Feeding your worry.

By David Joel Miller, MS, Licensed Therapist & Licensed Counselor.

Anxiety provoking.

Photo courtesy of Pixabay.com

Are you feeding the anxiety monster?

The more you feed your anxiety, the larger grows. It’s easy to miss the connection between worry and anxiety.

Some dictionary definitions of worry are:  to give in to anxiety or decrease, to let your mind dwell on your troubles and difficulties.

Continuing to worry increases your uncertainty and grows your anxiety until it takes over your life. How many of these ways are you feeding the anxiety monster with your worry?

Stay up all night keeping worry company.

When there is lots of uncertainty, potential problems ahead, many people hold on tightly to their worries. Often after a good night sleep, things look differently in the morning. A certain way to expand your anxiety is to sit up as long as possible, thinking through every possible negative outcome. Ruminating about low probability bad outcomes is just the sort of worry-food the anxiety monster craves.

You won’t let anyone else babysit your worry.

People who have their anxiety under control learn to use experts to manage their risks. One way to increase your anxiety is to keep all your worries to yourself, and never share them with anyone who might be able to put your mind at ease. Have financial challenges? You should talk to a financial professional. If you have medical issues, you need to see your doctor. For emotional issues, a good counselor can be helpful.

Some people become so attached to their anxiety that they would never consider allowing anyone else to babysit their anxiety monster. If you become unwilling to share your worry with anyone who might be able to help reduce the risks, you’ve taken on the care and feeding of an anxiety monster.

Every morning pick worry back up.

Should you ever get a good night’s sleep, make sure you pick up where you left off worrying the night before. Mentally healthy people can set aside their worries and engage in work and play and positive social relationships with others.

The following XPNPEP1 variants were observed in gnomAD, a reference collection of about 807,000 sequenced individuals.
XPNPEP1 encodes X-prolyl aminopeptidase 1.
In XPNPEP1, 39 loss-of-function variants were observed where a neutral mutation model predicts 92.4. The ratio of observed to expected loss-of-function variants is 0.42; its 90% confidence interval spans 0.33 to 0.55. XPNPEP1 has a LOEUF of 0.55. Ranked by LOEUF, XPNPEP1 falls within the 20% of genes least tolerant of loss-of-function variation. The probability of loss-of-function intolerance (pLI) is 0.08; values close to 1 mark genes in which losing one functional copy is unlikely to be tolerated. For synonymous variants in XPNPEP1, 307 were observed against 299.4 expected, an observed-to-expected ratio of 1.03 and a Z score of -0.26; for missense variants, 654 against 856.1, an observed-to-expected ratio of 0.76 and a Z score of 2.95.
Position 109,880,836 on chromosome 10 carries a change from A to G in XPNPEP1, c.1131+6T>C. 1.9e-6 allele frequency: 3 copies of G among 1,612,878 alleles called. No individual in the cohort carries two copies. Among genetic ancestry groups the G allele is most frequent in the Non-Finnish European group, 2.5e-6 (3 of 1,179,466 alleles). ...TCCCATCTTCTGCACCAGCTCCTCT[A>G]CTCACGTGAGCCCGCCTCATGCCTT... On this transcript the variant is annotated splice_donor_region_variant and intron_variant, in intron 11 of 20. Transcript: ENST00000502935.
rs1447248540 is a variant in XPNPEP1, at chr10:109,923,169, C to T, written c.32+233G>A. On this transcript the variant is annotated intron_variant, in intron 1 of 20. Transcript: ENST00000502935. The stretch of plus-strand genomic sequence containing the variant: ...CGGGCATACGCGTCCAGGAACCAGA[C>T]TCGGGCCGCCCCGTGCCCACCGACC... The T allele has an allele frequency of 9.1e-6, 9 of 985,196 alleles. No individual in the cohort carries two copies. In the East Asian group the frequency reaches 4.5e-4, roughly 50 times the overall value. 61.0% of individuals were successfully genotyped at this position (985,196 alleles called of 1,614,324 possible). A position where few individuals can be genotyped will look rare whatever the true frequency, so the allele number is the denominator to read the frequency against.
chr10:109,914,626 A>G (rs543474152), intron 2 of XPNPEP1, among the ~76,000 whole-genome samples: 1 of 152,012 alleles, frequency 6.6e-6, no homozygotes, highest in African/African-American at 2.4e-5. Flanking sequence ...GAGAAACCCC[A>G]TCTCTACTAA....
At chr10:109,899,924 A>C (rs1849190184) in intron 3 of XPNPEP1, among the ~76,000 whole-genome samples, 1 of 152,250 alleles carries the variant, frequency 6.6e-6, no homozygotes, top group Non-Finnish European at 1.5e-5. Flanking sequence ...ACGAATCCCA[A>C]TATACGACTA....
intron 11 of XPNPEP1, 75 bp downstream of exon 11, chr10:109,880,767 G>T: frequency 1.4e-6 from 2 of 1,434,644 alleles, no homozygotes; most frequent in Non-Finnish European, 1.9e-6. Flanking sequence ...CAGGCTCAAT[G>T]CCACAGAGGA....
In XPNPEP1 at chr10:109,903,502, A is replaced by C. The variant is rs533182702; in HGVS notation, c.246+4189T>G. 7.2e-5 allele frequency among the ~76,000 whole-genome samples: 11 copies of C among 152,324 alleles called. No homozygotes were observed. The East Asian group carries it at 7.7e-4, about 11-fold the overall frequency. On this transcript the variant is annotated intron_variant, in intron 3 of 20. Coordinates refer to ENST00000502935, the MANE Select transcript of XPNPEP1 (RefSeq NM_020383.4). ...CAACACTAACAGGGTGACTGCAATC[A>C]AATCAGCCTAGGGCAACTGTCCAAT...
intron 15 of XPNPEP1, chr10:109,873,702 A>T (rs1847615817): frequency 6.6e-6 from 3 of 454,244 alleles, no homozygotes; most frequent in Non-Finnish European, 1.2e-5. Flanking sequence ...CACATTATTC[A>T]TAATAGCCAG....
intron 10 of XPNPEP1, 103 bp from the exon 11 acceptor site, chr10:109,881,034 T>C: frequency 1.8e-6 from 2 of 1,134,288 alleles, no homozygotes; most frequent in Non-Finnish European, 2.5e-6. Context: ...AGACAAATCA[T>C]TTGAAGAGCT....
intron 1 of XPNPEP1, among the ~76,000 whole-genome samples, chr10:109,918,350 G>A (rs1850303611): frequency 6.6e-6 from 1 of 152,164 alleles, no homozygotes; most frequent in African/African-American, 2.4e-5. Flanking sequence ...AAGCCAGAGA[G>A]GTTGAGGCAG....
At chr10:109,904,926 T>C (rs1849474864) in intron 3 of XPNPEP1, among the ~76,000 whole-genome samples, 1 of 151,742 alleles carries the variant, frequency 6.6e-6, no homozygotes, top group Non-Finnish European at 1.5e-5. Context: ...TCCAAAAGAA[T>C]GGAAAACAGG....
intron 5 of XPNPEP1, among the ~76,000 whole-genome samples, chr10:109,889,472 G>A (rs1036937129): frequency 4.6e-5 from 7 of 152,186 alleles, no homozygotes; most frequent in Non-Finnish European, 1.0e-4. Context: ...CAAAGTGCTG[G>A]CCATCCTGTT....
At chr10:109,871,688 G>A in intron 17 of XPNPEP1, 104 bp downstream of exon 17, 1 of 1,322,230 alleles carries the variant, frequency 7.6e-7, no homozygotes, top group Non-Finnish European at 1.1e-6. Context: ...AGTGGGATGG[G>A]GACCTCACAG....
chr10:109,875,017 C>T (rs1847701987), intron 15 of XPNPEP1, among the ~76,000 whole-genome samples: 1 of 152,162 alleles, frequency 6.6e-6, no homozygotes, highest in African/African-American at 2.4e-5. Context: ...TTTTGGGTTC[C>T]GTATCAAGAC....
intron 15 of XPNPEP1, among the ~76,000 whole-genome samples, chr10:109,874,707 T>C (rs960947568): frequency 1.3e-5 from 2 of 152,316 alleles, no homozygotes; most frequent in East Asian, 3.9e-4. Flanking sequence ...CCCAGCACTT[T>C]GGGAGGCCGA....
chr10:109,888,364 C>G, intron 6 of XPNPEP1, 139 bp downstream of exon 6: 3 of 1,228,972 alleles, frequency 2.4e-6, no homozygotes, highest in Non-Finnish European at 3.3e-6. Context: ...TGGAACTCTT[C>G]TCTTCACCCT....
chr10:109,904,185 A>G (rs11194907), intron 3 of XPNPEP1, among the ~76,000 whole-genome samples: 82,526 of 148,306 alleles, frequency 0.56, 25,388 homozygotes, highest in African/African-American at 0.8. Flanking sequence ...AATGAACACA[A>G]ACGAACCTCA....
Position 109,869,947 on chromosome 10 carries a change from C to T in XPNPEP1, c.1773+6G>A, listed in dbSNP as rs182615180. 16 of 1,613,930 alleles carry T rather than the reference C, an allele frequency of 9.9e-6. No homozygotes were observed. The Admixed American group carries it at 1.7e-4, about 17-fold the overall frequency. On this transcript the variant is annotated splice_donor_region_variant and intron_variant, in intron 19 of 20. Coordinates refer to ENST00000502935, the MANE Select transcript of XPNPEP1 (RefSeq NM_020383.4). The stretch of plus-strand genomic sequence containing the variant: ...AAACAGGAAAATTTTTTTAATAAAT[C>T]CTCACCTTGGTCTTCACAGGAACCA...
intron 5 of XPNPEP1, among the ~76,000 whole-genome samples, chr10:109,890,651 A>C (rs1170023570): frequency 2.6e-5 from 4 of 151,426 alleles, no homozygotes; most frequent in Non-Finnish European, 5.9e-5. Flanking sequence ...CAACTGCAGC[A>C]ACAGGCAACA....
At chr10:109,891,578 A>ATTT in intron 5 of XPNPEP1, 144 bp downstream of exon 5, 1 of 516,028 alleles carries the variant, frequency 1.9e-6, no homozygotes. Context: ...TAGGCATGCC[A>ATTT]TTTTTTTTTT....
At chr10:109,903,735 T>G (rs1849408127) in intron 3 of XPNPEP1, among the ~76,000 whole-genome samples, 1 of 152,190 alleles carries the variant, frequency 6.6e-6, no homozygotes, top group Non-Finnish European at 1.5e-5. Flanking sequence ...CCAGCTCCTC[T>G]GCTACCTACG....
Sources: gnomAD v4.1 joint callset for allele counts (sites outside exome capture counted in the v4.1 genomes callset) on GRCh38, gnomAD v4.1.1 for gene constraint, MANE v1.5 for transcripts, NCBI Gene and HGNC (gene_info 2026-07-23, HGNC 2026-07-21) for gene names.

Some people come to view anxiety as their best friend. Their hope is that by worrying enough, they might be able to prevent something bad happening. If you’ve adopted this thought, you’re likely to find that even when the danger is past, after being able to do something enjoyable with others, as soon as you can, you will pick your worries back up and cuddle them tightly.

Stay angry to grow anxieties.

When you’re angry at someone, you’re likely to expect the worst from them. If you’re angry at others, you expect them to be angry back. Your anger at others and your anticipation of their retaliation are certain to feed your anxiety monster.

Indulge negative feelings.

Negative feelings are a superfood for anxiety monsters. Indulging yourself in every possible negative feeling is guaranteed to increase your worry and anxiety. Should you ever chance to spot a silver lining, search carefully for the black cloud behind it.

People who are high in the ability to worry and make themselves anxious, are often skilled at seeing the worst in every person, place, or situation.

Remind yourself that it is your fault.

If you want to stay anxious and fearful all the time, take on the responsibility for the whole world. Tell yourself that you should have foreseen that earthquake and moved somewhere else. If something breaks, believe that it’s your fault. When others treat you badly, look for what you must’ve done wrong to create their bad behavior.